Teaching a Giant Breed Dog to Stay Behind an Invisible Line

By: David Codr

Published Date: October 19, 2018

For this Omaha dog training session, we taught 2 year-old English Mastiff Hercules to stay behind an invisible line and shared tips to help his roomie, fearfully aggressive 2 year-old Hagrid.

Because Hagrid had some human aggression issues, his guardians had set up a baby gate to keep the dog away from guests who come and visit. This prevented him from getting to the front door but did not stop him from barking in protest.

I used some dog behavior tricks that seemed to have a somewhat calming affect on him, but not to the extent where I could work with him directly.

Once we shuffled the dogs and I was able to make it into the living room and Hagrid transitioned to downstairs, I got to meet big Hercules. Not only is he big in size, he has quite the personality as well.

Unfortunately, Hercules never learned the concept of respecting a human’s personal space. With his face inches from mine, he was a commanding presence even though he was not at all aggressive. But when he decided to start trying to jump up on me that took things to a whole different level.

I ignored Hercules and fended him off multiple times but it quickly became clear that I needed to show the guardians how they could teach a dog to stay behind a boundary or at least how they could train a dog to respect people‘s personal space.

After sharing and summarizing the escalating consequences that I use to disagree with unwanted dog behavior, I had the guardian go to the fridge and grab some lunch meat so that I could show her how she could teach her dog to give her some personal space while she had a very high value item.

Teaching a dog to learn to keep its distance from a human who is eating food is all about creating a situation where you can put the dog in a position to succeed then help them practice this good behavior.

Although Hercules needed a few corrections, it only took a couple of minutes before he stayed behind the invisible line while his guardian sat on the couch snacking on her lunch meat. You could tell she was relishing having the dog control itself while she lounged on the couch.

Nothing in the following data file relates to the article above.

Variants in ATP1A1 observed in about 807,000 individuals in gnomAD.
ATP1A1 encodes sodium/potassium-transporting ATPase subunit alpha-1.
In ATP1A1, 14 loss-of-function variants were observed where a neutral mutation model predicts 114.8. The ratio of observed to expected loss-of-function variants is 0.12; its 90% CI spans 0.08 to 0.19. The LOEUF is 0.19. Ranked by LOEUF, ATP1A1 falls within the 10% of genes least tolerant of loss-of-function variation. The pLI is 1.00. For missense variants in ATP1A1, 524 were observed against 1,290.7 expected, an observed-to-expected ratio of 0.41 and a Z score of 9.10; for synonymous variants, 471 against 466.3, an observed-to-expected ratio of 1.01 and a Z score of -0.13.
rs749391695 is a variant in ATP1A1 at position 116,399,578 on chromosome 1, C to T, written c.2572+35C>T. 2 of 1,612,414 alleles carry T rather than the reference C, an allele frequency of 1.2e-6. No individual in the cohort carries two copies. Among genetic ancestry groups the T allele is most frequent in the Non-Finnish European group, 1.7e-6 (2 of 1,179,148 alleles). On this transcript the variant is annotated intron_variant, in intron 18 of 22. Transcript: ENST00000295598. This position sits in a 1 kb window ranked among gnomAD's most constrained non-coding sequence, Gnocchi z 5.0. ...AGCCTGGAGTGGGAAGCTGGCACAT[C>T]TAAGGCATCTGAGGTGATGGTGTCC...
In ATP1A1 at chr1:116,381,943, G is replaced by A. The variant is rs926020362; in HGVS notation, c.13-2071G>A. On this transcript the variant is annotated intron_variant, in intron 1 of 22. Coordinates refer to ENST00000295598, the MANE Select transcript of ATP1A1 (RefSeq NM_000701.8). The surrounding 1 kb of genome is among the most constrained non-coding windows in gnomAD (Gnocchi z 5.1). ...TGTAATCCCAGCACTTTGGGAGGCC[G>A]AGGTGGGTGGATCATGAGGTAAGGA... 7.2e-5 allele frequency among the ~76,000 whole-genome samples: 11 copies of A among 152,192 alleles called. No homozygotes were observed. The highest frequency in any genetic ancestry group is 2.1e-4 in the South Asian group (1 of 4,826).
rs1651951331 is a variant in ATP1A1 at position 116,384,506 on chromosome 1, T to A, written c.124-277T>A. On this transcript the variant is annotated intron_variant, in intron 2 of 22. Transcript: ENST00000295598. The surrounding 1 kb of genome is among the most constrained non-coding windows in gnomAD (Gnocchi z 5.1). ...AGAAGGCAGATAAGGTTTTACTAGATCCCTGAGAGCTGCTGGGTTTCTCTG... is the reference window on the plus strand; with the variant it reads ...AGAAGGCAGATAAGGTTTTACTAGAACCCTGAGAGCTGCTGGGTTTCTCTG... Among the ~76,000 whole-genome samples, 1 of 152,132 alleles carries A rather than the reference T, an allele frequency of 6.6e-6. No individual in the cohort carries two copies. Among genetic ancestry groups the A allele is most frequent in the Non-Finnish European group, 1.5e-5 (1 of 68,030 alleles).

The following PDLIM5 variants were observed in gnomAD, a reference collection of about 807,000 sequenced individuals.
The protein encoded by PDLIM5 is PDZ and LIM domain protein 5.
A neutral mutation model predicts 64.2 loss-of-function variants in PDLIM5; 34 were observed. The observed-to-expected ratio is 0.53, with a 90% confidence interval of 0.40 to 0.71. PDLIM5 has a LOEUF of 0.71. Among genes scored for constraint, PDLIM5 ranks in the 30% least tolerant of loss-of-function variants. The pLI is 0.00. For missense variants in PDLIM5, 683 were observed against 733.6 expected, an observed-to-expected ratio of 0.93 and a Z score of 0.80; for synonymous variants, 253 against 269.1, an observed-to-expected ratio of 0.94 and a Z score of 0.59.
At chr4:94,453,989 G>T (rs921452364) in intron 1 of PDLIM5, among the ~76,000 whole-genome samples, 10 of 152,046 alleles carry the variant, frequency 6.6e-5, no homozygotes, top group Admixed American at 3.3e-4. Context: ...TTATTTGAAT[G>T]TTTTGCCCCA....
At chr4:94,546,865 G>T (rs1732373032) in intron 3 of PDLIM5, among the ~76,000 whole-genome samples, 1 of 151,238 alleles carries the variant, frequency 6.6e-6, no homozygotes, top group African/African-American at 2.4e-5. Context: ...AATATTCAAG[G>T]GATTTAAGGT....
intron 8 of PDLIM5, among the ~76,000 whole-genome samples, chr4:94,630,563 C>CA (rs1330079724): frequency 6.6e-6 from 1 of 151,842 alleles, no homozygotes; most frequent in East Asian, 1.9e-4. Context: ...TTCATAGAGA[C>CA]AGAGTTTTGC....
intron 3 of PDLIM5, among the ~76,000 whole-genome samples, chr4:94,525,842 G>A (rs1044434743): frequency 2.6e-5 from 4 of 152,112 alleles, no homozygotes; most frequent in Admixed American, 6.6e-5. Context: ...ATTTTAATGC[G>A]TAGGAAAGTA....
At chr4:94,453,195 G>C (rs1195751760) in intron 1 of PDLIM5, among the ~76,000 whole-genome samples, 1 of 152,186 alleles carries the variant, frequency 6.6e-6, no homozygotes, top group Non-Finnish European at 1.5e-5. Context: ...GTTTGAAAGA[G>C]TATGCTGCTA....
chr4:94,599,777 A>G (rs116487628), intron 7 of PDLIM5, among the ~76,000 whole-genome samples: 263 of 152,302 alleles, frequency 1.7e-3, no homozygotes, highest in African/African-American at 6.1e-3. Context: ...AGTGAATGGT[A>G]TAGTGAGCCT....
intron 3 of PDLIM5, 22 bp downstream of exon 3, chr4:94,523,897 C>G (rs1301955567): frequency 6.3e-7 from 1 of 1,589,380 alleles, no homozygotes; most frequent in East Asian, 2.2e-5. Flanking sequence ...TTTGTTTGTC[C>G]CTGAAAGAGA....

I recommended that the guardian create scenarios like this so that they could help both dogs practice staying behind boundaries.

For the rest of this in home dog training session, I shared a few dog behavior secrets to help Hagrid stop feeling so insecure which is probably why he is lashing out and lunging at people to disagree with them.

Because these are giant breed dogs, this can quickly become a very dangerous situation. I’m hopeful that the rules, structure and dog psychology that I shared with the guardians will help Hagrid develop more self-esteem so that he can stop being so fearful he aggressive.

I showed the guardians a small BAT training track that seem to have a positive impact on Hagrid. However this was not the best time to implement this approach as we were nearing the three hour mark. He was clearly stressed and exhausted so I told the guardians I wanted them to call or text me in a few weeks with a progress report. That’s when we will know if we need to set up a one hour follow up session to directly across Hagrid‘s lunging behavior.

To help the guardians remember all the tips and suggestions that I shared with them in this at home dog training session, we filmed a roadmap to success video that you can check out below.

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This post was written by: David Codr

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